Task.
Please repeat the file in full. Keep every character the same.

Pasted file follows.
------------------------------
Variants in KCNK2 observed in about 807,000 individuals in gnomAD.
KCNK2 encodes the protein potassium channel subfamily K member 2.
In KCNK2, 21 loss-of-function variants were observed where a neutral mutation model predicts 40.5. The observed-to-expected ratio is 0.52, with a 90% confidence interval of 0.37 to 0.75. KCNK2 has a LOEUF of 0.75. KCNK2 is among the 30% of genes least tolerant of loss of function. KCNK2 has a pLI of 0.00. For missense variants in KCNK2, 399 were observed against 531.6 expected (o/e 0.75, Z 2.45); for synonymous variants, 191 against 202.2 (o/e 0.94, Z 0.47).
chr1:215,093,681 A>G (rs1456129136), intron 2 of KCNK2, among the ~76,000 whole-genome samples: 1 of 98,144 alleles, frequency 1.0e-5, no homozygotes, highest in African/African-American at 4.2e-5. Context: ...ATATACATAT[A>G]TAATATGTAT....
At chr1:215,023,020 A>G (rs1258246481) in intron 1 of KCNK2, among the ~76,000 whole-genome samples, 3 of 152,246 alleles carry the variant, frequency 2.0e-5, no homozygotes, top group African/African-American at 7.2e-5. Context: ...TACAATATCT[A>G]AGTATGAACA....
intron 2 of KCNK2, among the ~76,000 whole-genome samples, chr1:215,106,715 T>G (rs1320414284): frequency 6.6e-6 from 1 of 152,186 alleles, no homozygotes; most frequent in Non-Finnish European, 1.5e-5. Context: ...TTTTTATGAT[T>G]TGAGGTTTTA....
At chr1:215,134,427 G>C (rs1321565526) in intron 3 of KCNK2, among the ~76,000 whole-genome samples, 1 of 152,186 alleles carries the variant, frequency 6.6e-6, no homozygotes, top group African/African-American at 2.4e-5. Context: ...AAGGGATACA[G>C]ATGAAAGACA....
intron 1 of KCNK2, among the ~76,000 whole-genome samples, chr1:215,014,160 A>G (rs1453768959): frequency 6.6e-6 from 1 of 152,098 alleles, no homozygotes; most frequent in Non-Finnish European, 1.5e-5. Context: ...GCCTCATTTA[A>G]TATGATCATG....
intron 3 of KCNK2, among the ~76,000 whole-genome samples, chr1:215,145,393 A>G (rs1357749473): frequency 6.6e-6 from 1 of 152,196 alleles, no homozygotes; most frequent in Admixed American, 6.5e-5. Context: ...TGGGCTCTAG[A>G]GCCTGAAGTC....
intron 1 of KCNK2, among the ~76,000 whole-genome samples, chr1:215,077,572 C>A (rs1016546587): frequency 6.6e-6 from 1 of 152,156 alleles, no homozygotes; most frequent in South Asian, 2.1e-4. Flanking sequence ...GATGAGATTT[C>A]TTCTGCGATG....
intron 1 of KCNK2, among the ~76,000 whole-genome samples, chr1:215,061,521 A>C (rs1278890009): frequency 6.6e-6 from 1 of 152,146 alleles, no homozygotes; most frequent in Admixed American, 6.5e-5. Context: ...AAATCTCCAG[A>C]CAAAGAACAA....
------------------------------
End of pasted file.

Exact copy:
Variants in KCNK2 observed in about 807,000 individuals in gnomAD.
KCNK2 encodes the protein potassium channel subfamily K member 2.
In KCNK2, 21 loss-of-function variants were observed where a neutral mutation model predicts 40.5. The observed-to-expected ratio is 0.52, with a 90% confidence interval of 0.37 to 0.75. KCNK2 has a LOEUF of 0.75. KCNK2 is among the 30% of genes least tolerant of loss of function. KCNK2 has a pLI of 0.00. For missense variants in KCNK2, 399 were observed against 531.6 expected (o/e 0.75, Z 2.45); for synonymous variants, 191 against 202.2 (o/e 0.94, Z 0.47).
chr1:215,093,681 A>G (rs1456129136), intron 2 of KCNK2, among the ~76,000 whole-genome samples: 1 of 98,144 alleles, frequency 1.0e-5, no homozygotes, highest in African/African-American at 4.2e-5. Context: ...ATATACATAT[A>G]TAATATGTAT....
At chr1:215,023,020 A>G (rs1258246481) in intron 1 of KCNK2, among the ~76,000 whole-genome samples, 3 of 152,246 alleles carry the variant, frequency 2.0e-5, no homozygotes, top group African/African-American at 7.2e-5. Context: ...TACAATATCT[A>G]AGTATGAACA....
intron 2 of KCNK2, among the ~76,000 whole-genome samples, chr1:215,106,715 T>G (rs1320414284): frequency 6.6e-6 from 1 of 152,186 alleles, no homozygotes; most frequent in Non-Finnish European, 1.5e-5. Context: ...TTTTTATGAT[T>G]TGAGGTTTTA....
At chr1:215,134,427 G>C (rs1321565526) in intron 3 of KCNK2, among the ~76,000 whole-genome samples, 1 of 152,186 alleles carries the variant, frequency 6.6e-6, no homozygotes, top group African/African-American at 2.4e-5. Context: ...AAGGGATACA[G>C]ATGAAAGACA....
intron 1 of KCNK2, among the ~76,000 whole-genome samples, chr1:215,014,160 A>G (rs1453768959): frequency 6.6e-6 from 1 of 152,098 alleles, no homozygotes; most frequent in Non-Finnish European, 1.5e-5. Context: ...GCCTCATTTA[A>G]TATGATCATG....
intron 3 of KCNK2, among the ~76,000 whole-genome samples, chr1:215,145,393 A>G (rs1357749473): frequency 6.6e-6 from 1 of 152,196 alleles, no homozygotes; most frequent in Admixed American, 6.5e-5. Context: ...TGGGCTCTAG[A>G]GCCTGAAGTC....
intron 1 of KCNK2, among the ~76,000 whole-genome samples, chr1:215,077,572 C>A (rs1016546587): frequency 6.6e-6 from 1 of 152,156 alleles, no homozygotes; most frequent in South Asian, 2.1e-4. Flanking sequence ...GATGAGATTT[C>A]TTCTGCGATG....
intron 1 of KCNK2, among the ~76,000 whole-genome samples, chr1:215,061,521 A>C (rs1278890009): frequency 6.6e-6 from 1 of 152,146 alleles, no homozygotes; most frequent in Admixed American, 6.5e-5. Context: ...AAATCTCCAG[A>C]CAAAGAACAA....